4.    Set up a toilet routine.

Set a routine for toileting as soon as your toddler accepts to sit on the toilet for their bowel and bladder movements. You can take them to the toilet as soon as they get up in the morning.  You can do the same before their bath and before bedtime.

5.    Avoiding wet beds.

If you are prepared to take off your toddlers night time nappy, be prepared for wet beds.  While it’s difficult to avoid perhaps in the beginning, to help prevent bed-wetting you may want to take them to the toilet once in the night.

6.    Take books or toys into the toilet.

One smart idea to toilet train your toddler is to get some interesting picture books for them and stack them next to the toilet seat in the toilet. Make these books accessible to them whenever they are on the toilet.

7.    Rewards and surprises.

Rewards can encourage your toddler to get toilet trained. For instance, you can start with simple rewards like star stickers on the board for every successful attempt. Praise your toddler whenever the task of toileting is accomplished. Talk to others in the family about the toddler’s success in their presence. This really encourages them to be better at it. Appreciate your toddler whenever they succeed at toileting. For instance, you can clap for your toddler’s performance, sing to them and even ask the others to do the same.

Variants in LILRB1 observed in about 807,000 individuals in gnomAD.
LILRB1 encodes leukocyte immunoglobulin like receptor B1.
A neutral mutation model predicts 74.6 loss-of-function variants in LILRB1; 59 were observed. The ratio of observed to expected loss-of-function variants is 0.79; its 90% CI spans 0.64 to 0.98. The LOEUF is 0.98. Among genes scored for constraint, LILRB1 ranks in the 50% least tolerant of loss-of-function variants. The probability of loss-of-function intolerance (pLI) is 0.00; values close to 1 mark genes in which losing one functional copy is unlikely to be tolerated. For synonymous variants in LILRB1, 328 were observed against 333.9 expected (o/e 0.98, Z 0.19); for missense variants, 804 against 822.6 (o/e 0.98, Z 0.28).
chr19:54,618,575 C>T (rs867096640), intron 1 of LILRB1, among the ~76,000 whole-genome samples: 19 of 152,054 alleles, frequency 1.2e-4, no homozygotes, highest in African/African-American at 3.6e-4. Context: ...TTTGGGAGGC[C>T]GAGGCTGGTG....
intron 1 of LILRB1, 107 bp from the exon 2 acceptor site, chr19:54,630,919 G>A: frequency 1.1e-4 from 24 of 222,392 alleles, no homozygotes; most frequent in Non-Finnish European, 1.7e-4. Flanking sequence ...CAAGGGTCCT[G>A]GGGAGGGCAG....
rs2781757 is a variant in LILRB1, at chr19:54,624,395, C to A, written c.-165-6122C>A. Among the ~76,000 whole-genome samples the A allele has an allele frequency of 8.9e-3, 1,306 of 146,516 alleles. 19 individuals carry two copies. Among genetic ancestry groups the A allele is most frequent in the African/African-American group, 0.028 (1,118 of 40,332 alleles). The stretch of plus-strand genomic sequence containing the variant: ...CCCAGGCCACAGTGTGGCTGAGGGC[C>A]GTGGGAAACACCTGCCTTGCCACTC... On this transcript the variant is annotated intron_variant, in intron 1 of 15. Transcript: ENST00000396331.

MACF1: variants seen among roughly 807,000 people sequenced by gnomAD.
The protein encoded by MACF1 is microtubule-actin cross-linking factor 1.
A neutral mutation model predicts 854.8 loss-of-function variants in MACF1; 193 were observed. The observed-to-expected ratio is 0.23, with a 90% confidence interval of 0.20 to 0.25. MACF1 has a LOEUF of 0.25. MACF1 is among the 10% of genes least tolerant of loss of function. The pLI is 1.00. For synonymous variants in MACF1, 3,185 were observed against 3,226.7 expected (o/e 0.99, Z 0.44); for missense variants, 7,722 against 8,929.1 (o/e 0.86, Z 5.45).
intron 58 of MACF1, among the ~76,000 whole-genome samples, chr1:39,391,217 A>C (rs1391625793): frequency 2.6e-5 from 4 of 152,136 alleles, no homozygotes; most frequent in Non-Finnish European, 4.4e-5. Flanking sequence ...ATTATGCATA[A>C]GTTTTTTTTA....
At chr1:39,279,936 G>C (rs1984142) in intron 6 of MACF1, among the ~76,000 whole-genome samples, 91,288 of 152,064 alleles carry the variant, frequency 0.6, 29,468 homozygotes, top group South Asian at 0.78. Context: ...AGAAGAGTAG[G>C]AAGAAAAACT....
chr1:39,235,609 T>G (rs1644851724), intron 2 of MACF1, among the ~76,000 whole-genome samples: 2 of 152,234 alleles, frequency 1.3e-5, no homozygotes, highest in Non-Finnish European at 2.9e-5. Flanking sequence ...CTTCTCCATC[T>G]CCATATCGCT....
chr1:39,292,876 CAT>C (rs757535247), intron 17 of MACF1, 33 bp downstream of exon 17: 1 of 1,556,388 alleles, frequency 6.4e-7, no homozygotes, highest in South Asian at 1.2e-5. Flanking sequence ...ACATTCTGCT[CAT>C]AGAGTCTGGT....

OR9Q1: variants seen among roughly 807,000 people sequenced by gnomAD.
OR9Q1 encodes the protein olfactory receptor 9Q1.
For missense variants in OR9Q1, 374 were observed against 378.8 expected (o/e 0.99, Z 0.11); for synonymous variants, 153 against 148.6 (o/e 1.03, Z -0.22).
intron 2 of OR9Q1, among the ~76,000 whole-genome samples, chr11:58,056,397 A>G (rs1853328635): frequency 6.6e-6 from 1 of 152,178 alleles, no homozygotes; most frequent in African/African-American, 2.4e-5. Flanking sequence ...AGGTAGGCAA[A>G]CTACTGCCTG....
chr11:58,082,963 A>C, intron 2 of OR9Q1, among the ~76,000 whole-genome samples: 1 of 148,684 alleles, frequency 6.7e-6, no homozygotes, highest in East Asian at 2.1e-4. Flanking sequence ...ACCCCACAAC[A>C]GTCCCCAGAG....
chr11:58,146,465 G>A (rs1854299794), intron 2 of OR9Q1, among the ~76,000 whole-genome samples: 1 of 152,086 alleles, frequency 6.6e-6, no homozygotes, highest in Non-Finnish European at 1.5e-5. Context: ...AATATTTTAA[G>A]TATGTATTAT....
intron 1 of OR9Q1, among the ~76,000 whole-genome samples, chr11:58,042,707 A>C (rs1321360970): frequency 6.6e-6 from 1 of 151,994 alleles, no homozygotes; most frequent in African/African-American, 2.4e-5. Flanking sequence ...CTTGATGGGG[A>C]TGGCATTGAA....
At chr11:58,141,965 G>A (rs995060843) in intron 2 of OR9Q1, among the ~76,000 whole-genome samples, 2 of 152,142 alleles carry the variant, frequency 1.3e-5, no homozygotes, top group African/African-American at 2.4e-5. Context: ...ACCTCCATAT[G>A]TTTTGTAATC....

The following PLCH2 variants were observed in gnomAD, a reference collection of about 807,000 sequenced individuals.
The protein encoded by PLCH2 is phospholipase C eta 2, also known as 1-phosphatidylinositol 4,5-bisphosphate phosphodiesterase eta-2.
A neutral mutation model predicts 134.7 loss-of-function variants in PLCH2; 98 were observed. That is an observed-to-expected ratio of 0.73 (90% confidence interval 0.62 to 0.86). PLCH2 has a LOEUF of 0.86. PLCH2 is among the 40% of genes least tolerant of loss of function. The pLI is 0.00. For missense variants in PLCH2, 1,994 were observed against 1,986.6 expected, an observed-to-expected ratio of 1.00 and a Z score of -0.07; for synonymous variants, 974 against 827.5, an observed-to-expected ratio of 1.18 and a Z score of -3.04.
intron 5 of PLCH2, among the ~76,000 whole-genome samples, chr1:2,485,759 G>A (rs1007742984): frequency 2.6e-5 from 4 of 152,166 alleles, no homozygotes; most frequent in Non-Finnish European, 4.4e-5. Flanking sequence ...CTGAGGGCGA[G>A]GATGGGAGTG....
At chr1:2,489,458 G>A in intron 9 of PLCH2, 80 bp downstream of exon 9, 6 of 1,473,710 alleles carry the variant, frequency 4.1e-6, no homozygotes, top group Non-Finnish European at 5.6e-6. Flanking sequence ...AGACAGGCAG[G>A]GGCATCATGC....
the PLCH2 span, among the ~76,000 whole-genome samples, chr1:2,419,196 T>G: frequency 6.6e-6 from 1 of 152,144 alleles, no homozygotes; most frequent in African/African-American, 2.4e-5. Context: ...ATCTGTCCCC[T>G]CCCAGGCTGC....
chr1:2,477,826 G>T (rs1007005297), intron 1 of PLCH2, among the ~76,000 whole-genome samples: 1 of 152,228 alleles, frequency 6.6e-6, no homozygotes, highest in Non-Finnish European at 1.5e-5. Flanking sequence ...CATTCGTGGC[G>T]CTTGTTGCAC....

8.    Let your toddler take charge.

Allow your toddler to use the toilet whenever they want to and for as long as they want. Let them watch you using the toilet. They may also gradually understand that mum not only takes them to the toilet, but also uses it for herself.

9.    Use the right clothes.

While you are potty training your toddler, try to make your toddler wear clothes that can be easily and quickly opened or pulled down whenever it is needed.

10. Don’t start too early.

It’s important to wait until your toddler shows signs of being ready to toilet train.  Toilet training involves physical, cognitive and behavioural skills.  Not only does your toddler need to understand the process and want to learn, but their body also has to be at a stage where their bowel muscles are strong enough to be controlled. Starting too early may mean more accidents which can make it more difficult to show patience and understanding.  This in turn can make toilet training a negative experience and potentially sabotage the process instead of supporting it.